Teleology, Ecology, and Unity and the French Enlightenment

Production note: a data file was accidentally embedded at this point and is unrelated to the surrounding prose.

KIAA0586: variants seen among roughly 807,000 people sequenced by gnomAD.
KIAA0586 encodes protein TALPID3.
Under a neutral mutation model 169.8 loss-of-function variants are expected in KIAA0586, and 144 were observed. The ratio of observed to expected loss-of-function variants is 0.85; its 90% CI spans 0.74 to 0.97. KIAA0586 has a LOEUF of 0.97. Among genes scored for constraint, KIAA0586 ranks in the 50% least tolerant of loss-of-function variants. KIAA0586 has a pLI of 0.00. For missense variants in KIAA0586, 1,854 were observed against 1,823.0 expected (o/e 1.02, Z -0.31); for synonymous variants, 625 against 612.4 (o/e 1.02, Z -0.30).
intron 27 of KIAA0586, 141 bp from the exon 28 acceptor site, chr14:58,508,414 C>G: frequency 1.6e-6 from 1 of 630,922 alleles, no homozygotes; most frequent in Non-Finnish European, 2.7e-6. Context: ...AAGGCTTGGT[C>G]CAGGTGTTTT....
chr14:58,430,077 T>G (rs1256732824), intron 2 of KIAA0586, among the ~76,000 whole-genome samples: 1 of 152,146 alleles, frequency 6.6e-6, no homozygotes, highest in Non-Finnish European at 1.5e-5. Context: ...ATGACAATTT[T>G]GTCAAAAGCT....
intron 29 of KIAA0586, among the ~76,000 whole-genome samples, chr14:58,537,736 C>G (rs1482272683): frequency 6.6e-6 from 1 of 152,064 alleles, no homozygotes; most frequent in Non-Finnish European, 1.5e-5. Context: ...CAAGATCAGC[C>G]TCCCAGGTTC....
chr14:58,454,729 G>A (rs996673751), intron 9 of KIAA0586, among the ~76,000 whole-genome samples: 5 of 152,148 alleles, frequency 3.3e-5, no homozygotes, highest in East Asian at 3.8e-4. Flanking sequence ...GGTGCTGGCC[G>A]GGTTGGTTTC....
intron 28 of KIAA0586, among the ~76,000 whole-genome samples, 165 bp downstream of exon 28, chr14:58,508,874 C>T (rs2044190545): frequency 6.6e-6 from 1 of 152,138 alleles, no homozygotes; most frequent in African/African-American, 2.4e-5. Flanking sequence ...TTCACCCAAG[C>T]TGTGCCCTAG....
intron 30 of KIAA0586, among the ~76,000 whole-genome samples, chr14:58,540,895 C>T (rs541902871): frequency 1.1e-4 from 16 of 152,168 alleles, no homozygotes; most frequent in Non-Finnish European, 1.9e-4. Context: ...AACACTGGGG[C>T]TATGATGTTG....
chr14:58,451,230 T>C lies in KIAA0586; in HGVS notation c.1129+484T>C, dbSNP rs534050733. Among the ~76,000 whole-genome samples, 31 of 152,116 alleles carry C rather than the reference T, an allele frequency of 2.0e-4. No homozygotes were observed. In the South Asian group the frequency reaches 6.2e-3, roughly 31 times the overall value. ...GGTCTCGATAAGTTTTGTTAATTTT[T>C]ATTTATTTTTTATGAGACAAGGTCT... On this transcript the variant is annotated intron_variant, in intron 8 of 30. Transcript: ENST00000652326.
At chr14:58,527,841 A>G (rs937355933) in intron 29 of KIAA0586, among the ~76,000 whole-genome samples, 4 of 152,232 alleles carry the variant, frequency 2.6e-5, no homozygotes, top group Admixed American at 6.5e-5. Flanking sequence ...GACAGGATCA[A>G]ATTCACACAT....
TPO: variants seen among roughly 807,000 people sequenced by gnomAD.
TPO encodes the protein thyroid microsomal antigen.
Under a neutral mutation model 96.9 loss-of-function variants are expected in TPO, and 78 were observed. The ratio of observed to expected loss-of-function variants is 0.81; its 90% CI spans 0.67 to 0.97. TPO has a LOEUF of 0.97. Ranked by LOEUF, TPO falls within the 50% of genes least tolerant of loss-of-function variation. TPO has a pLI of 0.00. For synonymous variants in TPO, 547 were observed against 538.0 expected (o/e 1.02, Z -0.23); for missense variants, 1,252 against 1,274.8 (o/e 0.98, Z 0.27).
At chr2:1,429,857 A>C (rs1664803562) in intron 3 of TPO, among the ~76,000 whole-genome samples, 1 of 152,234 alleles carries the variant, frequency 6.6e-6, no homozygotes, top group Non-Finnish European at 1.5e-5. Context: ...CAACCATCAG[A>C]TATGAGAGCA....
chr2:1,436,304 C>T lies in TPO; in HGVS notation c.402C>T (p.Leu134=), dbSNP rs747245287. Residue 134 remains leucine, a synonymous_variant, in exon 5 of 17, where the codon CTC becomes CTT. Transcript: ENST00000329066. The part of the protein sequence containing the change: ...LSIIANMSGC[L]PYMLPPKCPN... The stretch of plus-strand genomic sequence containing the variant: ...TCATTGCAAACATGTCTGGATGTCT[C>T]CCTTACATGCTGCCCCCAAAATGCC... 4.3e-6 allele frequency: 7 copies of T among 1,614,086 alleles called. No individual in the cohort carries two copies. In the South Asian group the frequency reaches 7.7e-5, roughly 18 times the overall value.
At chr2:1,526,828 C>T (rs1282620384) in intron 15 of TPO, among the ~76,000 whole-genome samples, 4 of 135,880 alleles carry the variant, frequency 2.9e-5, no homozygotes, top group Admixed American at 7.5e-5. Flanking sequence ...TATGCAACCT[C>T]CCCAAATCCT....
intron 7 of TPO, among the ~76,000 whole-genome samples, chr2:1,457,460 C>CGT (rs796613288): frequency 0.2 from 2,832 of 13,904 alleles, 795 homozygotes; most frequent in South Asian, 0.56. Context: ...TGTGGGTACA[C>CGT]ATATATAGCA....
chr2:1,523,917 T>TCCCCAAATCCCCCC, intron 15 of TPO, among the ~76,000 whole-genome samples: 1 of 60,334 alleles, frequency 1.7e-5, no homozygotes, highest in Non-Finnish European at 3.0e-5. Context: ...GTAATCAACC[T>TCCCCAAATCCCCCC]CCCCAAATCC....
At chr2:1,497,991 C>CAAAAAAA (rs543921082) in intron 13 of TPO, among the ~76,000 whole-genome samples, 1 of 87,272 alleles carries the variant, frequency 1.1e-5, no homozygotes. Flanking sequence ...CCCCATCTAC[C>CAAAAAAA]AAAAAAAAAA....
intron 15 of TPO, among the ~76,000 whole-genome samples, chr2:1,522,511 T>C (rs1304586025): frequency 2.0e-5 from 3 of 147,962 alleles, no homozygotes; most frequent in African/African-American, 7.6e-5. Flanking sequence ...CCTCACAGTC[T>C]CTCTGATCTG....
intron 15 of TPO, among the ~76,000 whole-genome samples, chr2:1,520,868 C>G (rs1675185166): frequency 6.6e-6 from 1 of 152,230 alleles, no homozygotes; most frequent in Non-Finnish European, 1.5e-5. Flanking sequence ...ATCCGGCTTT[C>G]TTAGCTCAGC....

An important marker of a modern conception of science lies in the rejection of teleology (final causes) and an understanding of the place of humans in the unity of nature. Although the philosophers were not the first writers to hold a nonteleological view of the world, they were among the first western writers to develop the idea as a central literary theme with the backing of modern science, especially astronomy. I discuss final causes and the alternate belief in the unity of nature in Fontenelle’s Conversations on the Plurality of Worlds, English writer Shaftesbury’s Characteristics, Voltaire’s Micromégas, Rousseau’s Reveries of the Solitary Walker, and Diderot’s D’Alembert’s Dream, and other works. Although these works operate differently and employ different genres, they are all rhetorical responses to unscientific and irrational assumptions held in contemporary European society, and they remain relevant and startlingly modern in point of view.